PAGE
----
The 156 F1-63 – a further development of the World Championship-winning car of two years before – was lined out 1963 and in several races the following season also. A new driver, John Surtees, drove the Ferrari to victory in one Grand Prix, winning at the Nürburgring, but this was not enough to beat Jim Clark’s Lotus.

The 1963 156 boasted two innovative features. The first was a semi-monocoque chassis, i.e. one with external panels riveted to the load-bearing tubular structure, which improved the overall robustness of the car. The second feature was a direct fuel injection engine developed in association with Swiss technician May, who used the high pressure Bosch pump in it.

Despite these modifications, however, the car still failed to convince, so much so, in fact, that the direct fuel injection also used on the V8, was abandoned.

Type rear, longitudinal 120° V6
Bore/stroke 73 x 58.8 mm
Unitary displacement 246.10 cc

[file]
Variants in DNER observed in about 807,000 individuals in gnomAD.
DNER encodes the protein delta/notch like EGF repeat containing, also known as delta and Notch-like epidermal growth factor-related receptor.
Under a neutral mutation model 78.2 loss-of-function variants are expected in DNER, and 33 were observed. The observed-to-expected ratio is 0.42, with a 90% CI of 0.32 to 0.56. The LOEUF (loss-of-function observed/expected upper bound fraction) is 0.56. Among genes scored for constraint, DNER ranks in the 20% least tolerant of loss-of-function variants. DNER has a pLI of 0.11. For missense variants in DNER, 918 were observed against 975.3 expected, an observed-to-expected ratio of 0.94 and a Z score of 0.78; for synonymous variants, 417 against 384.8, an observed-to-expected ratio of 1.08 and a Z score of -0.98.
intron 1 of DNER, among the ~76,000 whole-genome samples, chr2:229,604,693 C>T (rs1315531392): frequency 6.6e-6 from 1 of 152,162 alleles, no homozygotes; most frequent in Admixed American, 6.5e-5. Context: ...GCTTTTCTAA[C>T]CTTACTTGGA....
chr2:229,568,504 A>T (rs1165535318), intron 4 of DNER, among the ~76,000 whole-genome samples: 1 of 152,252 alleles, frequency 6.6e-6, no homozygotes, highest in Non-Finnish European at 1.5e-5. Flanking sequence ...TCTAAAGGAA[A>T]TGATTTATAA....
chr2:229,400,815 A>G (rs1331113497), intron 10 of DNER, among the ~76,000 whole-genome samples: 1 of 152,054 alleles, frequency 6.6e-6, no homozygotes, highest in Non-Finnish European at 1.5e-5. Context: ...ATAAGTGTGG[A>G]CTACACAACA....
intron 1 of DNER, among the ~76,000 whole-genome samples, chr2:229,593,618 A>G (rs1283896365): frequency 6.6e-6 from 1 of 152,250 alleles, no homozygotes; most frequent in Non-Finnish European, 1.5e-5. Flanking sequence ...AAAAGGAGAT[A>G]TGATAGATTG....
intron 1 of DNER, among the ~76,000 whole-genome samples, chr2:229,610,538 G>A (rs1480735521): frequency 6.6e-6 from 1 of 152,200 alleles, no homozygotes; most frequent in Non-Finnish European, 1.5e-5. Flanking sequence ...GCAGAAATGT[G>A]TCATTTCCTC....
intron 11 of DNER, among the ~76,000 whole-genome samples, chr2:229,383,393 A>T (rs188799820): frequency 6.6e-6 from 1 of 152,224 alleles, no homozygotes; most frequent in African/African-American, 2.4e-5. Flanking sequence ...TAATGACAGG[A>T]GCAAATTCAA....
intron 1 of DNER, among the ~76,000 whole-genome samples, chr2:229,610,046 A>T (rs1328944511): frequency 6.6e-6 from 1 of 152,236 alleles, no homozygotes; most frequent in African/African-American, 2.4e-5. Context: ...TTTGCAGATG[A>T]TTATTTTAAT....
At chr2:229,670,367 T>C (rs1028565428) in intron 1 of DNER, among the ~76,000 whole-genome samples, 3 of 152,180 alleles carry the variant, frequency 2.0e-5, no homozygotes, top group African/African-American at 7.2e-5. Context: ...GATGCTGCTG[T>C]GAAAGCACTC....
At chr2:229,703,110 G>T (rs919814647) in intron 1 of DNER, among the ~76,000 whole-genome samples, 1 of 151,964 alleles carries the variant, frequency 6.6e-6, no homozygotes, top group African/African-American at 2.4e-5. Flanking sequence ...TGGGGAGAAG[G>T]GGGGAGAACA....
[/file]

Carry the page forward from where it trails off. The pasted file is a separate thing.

Total displacement 1476.60 cc
Compression ratio 9.8 : 1
Maximum power 151 kW (205 hp) at 10.500 rpm
Power per litre 139 hp/l
Maximum torque -
Valve actuation twin overhead camshafts per bank, two valves per cylinder
Fuel feed Bosch direct injection
Ignition two spark plugs per cylinder, two coils
Lubrication dry sump
Clutch multi-plate
Frame tubular steel
Front suspension independent, unequal-length wishbones, co-axial springs and telescopic shock absorbers
Rear suspension independent, upper arm, lower inverted wishbone, twin radius arms, co-axial springs and telescopic shock absorbers, anti-roll bar
Brakes discs
Transmission 6-speed + reverse
Steering rack-and-pinion
Fuel tank capacity 121 litres
Front tyres 5.50 x 15
Rear tyres 6.50 x 15